Is this a 60Hz Hum?

Discussion in 'Archived Threads 2001-2004' started by Doug_L, Feb 19, 2002.

  1. Doug_L

    Doug_L Stunt Coordinator

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    Here's my problem:

    When watching extremely dark scenes (ie: at least 75% of frame is black or near black) there is a slight, periodic, brightening of the entire screen (although it could be just the letterboxed frame). It seems to happen about once a second (or 60 times a minute), and is really only noticable when the frame is dark and static (just re-watched 2001 and it was really apparent on 3 or 4 occaisions (I've also noticed this on other DVD's as well).

    Details about my setup:

    DVDP: Pioneer 525 (interlaced output only)

    TV: Loewe Calida 32" SDTV with built-in, non-defeatable line-doubler

    Monster Power Center HTS2000 (all power through this)

    DVD hooked up to TV using Ultralink Gold s-video cables (auto 16:9 detect only works with s-video); this cable does not run along any others (power or line level) but does have about 2-3 meters of play in it, which is currently loosely coiled

    TV is in 16:9 mode, which shows no picture/raster lines outside of 16:9 frame

    Not sure what other info is needed; ask and ye shall receive

    So I'd assume that this is some sort of power hum issue. If so, what's going on? Does it take more power to create black than white? My TV does a pretty good job of holding black at black with a variable APL, but is it trying to draw too much power? Is this happening with all images and I only notice it on the really dark ones?

    And here's to most important question: What can I do to fix this?

    All help is appreciated.
     
  2. Doug_L

    Doug_L Stunt Coordinator

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    Help! Please, anyone?

    This will be my only bump.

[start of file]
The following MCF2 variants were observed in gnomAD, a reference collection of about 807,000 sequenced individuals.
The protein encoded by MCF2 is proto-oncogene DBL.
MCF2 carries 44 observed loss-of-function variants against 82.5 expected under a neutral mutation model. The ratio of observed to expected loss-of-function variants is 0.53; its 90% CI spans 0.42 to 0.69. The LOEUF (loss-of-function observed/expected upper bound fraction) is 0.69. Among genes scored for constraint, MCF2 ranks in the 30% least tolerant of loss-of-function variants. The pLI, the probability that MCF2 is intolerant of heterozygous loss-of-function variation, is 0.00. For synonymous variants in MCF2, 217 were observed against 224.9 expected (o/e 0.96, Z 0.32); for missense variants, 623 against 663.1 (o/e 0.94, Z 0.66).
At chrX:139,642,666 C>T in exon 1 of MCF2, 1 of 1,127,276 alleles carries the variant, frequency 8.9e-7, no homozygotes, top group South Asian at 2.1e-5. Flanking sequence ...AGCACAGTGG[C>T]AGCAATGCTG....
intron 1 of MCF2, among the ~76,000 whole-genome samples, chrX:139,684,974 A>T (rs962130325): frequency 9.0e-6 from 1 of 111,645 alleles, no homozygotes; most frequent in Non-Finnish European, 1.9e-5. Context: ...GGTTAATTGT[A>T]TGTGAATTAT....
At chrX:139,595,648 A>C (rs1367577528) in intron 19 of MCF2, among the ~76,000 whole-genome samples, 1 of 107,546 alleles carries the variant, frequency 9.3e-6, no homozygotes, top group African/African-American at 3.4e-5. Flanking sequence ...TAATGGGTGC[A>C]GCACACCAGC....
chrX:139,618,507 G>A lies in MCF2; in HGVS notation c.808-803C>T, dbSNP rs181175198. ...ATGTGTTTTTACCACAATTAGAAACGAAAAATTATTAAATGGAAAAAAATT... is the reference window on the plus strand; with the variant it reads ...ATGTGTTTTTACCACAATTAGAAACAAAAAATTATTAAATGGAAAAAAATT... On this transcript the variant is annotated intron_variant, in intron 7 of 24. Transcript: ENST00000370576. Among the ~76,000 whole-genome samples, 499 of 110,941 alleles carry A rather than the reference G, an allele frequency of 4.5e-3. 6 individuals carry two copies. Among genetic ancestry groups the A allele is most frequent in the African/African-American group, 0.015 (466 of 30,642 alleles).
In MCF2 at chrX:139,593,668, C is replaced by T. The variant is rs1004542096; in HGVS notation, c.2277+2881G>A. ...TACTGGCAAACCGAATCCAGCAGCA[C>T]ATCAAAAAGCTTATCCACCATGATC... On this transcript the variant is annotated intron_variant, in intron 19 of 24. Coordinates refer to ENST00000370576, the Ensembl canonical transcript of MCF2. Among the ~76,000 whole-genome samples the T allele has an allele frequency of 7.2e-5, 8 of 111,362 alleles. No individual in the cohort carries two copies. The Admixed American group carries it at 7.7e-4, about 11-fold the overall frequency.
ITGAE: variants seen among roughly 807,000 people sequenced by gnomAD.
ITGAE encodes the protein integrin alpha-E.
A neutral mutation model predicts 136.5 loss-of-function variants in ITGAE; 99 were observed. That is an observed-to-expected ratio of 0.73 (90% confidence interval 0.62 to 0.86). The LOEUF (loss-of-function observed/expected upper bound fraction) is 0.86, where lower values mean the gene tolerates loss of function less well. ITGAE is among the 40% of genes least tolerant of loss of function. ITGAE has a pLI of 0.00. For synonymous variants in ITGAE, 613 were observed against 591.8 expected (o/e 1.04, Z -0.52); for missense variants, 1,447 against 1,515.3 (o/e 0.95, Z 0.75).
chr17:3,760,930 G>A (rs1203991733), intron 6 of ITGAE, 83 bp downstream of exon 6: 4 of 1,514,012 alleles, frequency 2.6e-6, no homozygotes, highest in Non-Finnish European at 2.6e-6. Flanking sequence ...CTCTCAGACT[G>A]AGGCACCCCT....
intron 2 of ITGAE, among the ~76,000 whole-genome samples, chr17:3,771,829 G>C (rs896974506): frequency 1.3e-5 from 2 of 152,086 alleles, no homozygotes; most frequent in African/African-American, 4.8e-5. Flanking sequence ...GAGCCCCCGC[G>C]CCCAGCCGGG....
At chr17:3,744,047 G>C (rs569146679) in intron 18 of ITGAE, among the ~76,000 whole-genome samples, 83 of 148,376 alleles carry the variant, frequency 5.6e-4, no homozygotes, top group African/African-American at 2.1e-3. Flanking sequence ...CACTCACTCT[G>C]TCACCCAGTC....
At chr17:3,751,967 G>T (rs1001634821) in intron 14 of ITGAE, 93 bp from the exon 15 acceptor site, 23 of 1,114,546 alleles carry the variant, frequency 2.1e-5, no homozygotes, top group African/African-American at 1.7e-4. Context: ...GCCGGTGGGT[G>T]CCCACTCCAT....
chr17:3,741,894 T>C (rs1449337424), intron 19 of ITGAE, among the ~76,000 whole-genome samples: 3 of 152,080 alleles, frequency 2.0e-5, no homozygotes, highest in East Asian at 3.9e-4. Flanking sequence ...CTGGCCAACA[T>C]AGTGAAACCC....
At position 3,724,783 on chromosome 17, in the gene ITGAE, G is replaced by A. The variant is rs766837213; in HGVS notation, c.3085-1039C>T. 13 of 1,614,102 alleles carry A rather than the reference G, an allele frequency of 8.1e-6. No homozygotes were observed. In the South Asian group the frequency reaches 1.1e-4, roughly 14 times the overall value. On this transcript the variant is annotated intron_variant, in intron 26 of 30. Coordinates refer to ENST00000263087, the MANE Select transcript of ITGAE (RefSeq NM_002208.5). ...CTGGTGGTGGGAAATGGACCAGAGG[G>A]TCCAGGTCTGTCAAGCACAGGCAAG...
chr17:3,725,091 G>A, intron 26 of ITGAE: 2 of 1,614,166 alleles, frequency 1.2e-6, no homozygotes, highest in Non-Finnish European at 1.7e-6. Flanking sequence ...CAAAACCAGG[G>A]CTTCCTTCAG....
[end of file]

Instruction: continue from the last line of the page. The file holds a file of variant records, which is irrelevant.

3. Steve Berger

    Steve Berger Supporting Actor

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    There are so many variables involved that pinning down the problem could take a lot of time and experimenting.Try the following successively.

    1: There are two types of s-vid jacks using different grounding methods. This is an issue with some Sony TVs causing this exact symptom so try a different cable.

    2: Unhook all cables and cords except TV and DVD power and S-vid cable (even audio) this is to remove the chance of a ground loop (cable TV interference has been known to cause this symptom). Try more than one s-vid cable also.

    3: Try a composite video cable. Some DVD players have a bug in their S output.Borrow a friends (different brand) DVD player.

    4:[or maybe first) Try a movie verified as not having macrovision encoding. Some TV designs react to macrovision just like a VCR does. This would require a circuit modification from Loewe to resolve.

    5: Don't reconnect any cables until the process is complete because more than one thing could cause the exact same symptom.

    Hope this helps but these are just basic troubleshooting techniques for interference in general.

    Oh , BTW 60hz interference is usually seen as bands of noise floating through the picture .

    6: I almost forgot that the ABL circuit in the TV can cause this also . Adjusting brightness, contrast, black level will affect it as will black level settings that some DVD players have as options.This would require a manufacturer redesign if adjustments didn't cure it.

    I'll probably think of a few more things at work but this should get you started.
     
  4. Doug_L

    Doug_L Stunt Coordinator

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    Thanks, Steve. I'll try and find the time to give your suggestions a shot this weekend.
     
  5. MarkDesMarais

    MarkDesMarais Stunt Coordinator

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    Doesn't sound like grounding/interference to me. . . I like Steve's 4 or 6 above.

    As for power, a black image takes less, not more, so it doesn't sound like a power supply problem either.

    Does it only show with the DVD player?

    Does your TV do the squeeze? (Assuming it is 4:3)

    Try masking off the active area and see if the black bars are indeed brightening.

    I saw something similar on my 'rents old 27" Mitsu tube when my brother played a DVD from his laptop through it. . . a little more extreme though, we could see it in all types of scenes.

    Markd
     

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